Evansville-based Architectural Renovators Inc. will begin restoring a long-neglected, historic building pulled from the brink of demolition. Plans for the Owen Block building, purchased by Indiana Landmarks after a fundraising campaign, include improvements to more than a dozen apartments. Architectural Renovators plans to remove the blue paint currently covering the exterior.

March 12, 2015

News Release

EVANSVILLE, Ind. – Indiana Landmarks announced today that it has purchased the historic Owen Block in Evansville, the subject of a fundraising and social media campaign to prevent its demolition. The nonprofit organization bought the 1882 rowhouse from the Neuhoff family for $14,000, the amount of the county and state tax liens.

“This great building was so dilapidated that we started not at zero but at negative $440,000. That’s the gap we needed to fill to get anyone interested in tackling the restoration,” said Marsh Davis, president of Indiana Landmarks. “We turned right around and conveyed the Owen Block to Michael Martin of Architectural Renovators, Inc.” Davis added.

Because of the deal, it is expected that the Evansville Building Commission will rescind the demolition order for the Owen Block at its meeting on Thursday, March 12.

Indiana Landmarks was challenged to find a solution after the engineer hired to assess the building declared it too far gone to rescue. “Saving the Owen Block would not have been possible without generous contributions from many donors in Evansville and throughout the state, and the positive enthusiasm generated for saving the building by Jesika Ellis and the Blockheads,” Davis noted.

The money Indiana Landmarks raised to fill the gap – $440,000 – will be disbursed to Martin in four installments to help cover the cost of stabilization and a portion of the exterior restoration. The city of Evansville contributed $50,000 – less than it would have spent to demolish the building. A preservation covenant held by Indiana Landmarks will remain attached to the property in perpetuity. The covenant constitutes a partial ownership interest and gives the preservation organization the right to monitor and approve exterior changes.

Architectural Renovators will being working soon to stabilize the building as outlined in a six-month agreement with Indiana Landmarks that covers the primary exterior restoration. Martin said he’ll tackle the roof and the immediate structural repairs first, and then work on the exterior.

Inside, his floorplans show 15 one-bedroom apartments of around 700-800 square feet. “The building had 16 units in the 1950s, but we're turning one space into a fitness area and mechanical room,” Martin explained. “The rent will likely run $800-900 per month in units with granite countertops and stainless steel appliances, finishes that suit a building that in its heyday was something to see,” he adds.

“It’s an easier and quicker build in a way because there's very little left inside,” he noted. “I call it new wine in an old bottle. The fact that the interior had been gutted allows us to create open plan units, which is how people want to live today.”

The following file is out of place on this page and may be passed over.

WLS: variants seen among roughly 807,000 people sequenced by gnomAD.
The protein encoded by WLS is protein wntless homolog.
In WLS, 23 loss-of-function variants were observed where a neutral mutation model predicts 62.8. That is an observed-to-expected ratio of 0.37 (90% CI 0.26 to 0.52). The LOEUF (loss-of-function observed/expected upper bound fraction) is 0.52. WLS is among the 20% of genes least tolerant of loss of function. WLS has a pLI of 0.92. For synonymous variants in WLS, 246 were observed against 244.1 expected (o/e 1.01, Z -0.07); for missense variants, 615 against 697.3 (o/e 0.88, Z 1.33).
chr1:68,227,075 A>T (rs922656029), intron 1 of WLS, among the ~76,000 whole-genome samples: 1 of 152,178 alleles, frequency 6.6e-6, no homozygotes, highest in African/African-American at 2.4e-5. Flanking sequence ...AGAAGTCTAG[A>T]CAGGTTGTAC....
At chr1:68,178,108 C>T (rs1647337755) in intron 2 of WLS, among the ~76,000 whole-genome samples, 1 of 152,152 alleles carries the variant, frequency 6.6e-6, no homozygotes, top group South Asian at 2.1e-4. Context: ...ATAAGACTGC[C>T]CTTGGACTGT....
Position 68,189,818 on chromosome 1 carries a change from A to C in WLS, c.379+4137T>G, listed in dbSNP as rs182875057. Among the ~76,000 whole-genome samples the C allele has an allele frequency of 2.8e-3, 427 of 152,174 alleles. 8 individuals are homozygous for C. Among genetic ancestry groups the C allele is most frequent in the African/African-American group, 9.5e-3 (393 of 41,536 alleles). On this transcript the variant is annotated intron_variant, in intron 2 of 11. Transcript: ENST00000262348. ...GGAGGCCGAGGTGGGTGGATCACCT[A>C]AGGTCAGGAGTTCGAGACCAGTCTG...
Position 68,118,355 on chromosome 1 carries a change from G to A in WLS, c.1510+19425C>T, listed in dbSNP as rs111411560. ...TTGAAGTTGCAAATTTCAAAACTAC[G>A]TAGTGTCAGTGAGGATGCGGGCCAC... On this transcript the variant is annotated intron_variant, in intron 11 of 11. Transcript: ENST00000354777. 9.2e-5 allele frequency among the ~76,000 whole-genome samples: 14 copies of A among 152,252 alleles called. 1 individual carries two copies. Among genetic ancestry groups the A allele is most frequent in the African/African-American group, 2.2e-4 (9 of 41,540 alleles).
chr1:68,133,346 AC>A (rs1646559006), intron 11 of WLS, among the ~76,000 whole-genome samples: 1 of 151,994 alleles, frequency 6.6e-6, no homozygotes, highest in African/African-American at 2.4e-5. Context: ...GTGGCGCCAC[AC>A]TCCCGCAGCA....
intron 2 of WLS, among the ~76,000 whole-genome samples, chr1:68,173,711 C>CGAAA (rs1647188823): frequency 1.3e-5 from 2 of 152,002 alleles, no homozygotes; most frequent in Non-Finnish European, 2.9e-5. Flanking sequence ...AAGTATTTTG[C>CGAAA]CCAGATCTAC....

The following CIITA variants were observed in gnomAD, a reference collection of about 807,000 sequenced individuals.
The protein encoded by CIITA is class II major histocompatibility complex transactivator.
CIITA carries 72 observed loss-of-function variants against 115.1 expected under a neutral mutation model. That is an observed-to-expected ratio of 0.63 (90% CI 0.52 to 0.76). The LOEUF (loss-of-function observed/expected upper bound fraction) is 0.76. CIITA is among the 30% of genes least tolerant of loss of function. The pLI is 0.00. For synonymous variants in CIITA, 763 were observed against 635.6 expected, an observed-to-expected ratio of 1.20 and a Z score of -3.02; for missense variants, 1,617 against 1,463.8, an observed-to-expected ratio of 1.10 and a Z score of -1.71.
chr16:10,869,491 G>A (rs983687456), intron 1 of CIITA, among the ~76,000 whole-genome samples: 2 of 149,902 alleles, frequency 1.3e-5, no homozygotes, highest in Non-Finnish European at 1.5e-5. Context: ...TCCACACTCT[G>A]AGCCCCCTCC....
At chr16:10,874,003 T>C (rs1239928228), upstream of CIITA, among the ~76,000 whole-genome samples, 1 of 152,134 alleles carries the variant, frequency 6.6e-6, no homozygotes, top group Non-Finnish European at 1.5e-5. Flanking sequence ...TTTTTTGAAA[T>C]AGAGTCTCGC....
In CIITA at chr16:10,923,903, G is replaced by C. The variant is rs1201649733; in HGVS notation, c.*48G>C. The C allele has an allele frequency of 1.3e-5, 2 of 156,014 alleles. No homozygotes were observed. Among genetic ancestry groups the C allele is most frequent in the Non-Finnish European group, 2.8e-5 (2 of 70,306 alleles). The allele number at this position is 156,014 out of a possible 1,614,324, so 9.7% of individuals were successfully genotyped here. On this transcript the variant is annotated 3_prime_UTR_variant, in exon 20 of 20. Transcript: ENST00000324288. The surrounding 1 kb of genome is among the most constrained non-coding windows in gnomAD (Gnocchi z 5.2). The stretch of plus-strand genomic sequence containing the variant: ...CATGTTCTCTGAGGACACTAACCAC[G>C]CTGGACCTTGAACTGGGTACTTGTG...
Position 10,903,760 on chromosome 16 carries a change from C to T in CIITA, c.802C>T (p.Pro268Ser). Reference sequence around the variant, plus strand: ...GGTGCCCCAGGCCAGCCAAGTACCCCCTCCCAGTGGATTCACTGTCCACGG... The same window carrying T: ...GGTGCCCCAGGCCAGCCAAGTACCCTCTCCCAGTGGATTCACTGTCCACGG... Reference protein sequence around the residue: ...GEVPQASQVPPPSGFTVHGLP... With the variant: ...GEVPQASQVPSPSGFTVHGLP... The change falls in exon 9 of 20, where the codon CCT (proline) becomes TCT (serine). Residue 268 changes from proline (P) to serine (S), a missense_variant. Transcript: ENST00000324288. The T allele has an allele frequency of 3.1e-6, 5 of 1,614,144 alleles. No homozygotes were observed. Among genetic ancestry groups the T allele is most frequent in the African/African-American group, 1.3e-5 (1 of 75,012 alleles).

Outside, Martin plans to recapture the red brick exterior, removing the blue paint. Immediate stabilization will be his first priority, replacing damaged components with new timber framing for the roof and inside, where structural elements were removed by the previous owners. He estimates that the Owen Block restoration will be a $1 million-plus project.

Architectural Renovators is already working with Indiana Landmarks as the contractor on the restoration of the Greyhound Station in downtown Evansville. As a developer, the company is responsible for the restorations of the Audubon and Euclid apartment houses, and the Baynham Shoe Store building on Main Street, which the firm converted to commercial and residential condominiums.

Indiana Landmarks, a 55-year-old nonprofit, maintains a headquarters in Indianapolis and eight regional and field offices, including one in Evansville. “We mobilized to save the Owen Block for several reasons,” Davis notes. “First of all, the community expressed how much it values the building, from the city support to the frequent coverage and editorial cartoons in the newspaper to the fabulous 'Blockheads,' the Facebook group formed by Jesika Ellis that generated local enthusiasm.”

The rarity of the Second Empire-style rowhouse was also a consideration for Indiana Landmarks. The Owen Block's location was another factor. “It holds the edge of the wonderful Riverside historic district. Loss of the building would have left a gaping hole in the district,” Davis adds.

“We hope the Open Block save, and our restoration of the Greyhound Station and rescue of the Peters-Margedant House, will lead to a stronger relationship between Indiana Landmarks and the Evansville community. Indiana Landmarks always welcomes more members and more support for what we do,” Davis noted.

Indiana Landmarks revitalizes communities, reconnects us to our heritage, and saves meaningful places. With eight offices located throughout the state, Indiana Landmarks helps people rescue endangered landmarks and restore neighborhoods and downtowns. People who join Indiana Landmarks receive its bimonthly magazine, Indiana Preservationist. For more information on the not-for-profit organization, call 317-639-4534, 800-450-4534, or visit www.indianalandmarks.org

Source: Indiana Landmarks

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